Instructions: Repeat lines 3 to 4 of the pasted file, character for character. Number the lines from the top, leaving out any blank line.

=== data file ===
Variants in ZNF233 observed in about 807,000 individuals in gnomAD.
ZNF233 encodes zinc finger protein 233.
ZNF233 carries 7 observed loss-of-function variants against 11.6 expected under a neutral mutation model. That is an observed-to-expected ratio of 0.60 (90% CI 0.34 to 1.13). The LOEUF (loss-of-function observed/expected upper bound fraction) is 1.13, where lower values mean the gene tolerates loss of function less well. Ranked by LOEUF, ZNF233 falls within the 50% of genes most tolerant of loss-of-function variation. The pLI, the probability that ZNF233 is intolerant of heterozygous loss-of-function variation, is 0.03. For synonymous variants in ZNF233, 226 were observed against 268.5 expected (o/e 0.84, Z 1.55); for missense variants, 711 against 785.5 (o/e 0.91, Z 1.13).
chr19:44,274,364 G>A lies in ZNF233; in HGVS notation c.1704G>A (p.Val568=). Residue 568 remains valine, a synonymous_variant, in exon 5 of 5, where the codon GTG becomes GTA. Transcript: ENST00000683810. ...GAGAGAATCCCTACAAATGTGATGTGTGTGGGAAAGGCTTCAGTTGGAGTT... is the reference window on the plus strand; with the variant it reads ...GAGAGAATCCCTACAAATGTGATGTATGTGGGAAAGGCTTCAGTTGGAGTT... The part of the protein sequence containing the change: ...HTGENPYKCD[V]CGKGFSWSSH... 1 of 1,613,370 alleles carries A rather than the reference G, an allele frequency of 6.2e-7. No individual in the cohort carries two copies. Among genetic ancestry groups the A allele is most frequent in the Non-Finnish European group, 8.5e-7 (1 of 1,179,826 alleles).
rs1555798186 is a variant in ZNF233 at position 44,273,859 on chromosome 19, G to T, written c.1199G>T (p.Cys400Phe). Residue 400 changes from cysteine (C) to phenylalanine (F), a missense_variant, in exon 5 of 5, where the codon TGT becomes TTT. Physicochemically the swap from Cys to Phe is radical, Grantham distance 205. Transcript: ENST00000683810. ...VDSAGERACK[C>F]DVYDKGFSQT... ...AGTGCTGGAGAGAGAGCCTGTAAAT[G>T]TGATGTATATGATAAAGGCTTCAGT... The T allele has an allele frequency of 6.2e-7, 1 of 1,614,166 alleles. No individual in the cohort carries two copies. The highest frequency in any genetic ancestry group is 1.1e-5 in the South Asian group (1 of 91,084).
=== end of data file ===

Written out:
ZNF233 carries 7 observed loss-of-function variants against 11.6 expected under a neutral mutation model. That is an observed-to-expected ratio of 0.60 (90% CI 0.34 to 1.13). The LOEUF (loss-of-function observed/expected upper bound fraction) is 1.13, where lower values mean the gene tolerates loss of function less well. Ranked by LOEUF, ZNF233 falls within the 50% of genes most tolerant of loss-of-function variation. The pLI, the probability that ZNF233 is intolerant of heterozygous loss-of-function variation, is 0.03. For synonymous variants in ZNF233, 226 were observed against 268.5 expected (o/e 0.84, Z 1.55); for missense variants, 711 against 785.5 (o/e 0.91, Z 1.13).
chr19:44,274,364 G>A lies in ZNF233; in HGVS notation c.1704G>A (p.Val568=). Residue 568 remains valine, a synonymous_variant, in exon 5 of 5, where the codon GTG becomes GTA. Transcript: ENST00000683810. ...GAGAGAATCCCTACAAATGTGATGTGTGTGGGAAAGGCTTCAGTTGGAGTT... is the reference window on the plus strand; with the variant it reads ...GAGAGAATCCCTACAAATGTGATGTATGTGGGAAAGGCTTCAGTTGGAGTT... The part of the protein sequence containing the change: ...HTGENPYKCD[V]CGKGFSWSSH... 1 of 1,613,370 alleles carries A rather than the reference G, an allele frequency of 6.2e-7. No individual in the cohort carries two copies. Among genetic ancestry groups the A allele is most frequent in the Non-Finnish European group, 8.5e-7 (1 of 1,179,826 alleles).